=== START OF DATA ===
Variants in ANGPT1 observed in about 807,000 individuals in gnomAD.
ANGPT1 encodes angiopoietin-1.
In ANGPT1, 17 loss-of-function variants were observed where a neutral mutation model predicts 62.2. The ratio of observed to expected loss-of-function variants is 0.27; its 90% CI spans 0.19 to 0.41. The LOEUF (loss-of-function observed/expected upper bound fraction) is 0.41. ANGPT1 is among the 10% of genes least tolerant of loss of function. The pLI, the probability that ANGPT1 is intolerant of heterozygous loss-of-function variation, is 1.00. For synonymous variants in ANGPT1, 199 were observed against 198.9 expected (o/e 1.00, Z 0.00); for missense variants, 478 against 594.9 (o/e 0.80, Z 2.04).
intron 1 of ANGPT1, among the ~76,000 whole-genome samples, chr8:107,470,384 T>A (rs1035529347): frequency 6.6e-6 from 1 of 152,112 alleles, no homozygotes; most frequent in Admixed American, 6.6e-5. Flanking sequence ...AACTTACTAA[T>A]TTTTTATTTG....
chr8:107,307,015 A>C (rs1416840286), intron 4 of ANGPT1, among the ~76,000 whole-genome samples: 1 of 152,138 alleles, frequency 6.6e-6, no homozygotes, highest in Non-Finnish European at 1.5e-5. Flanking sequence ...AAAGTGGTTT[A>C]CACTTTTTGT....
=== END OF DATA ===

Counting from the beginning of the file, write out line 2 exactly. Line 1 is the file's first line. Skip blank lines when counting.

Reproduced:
ANGPT1 encodes angiopoietin-1.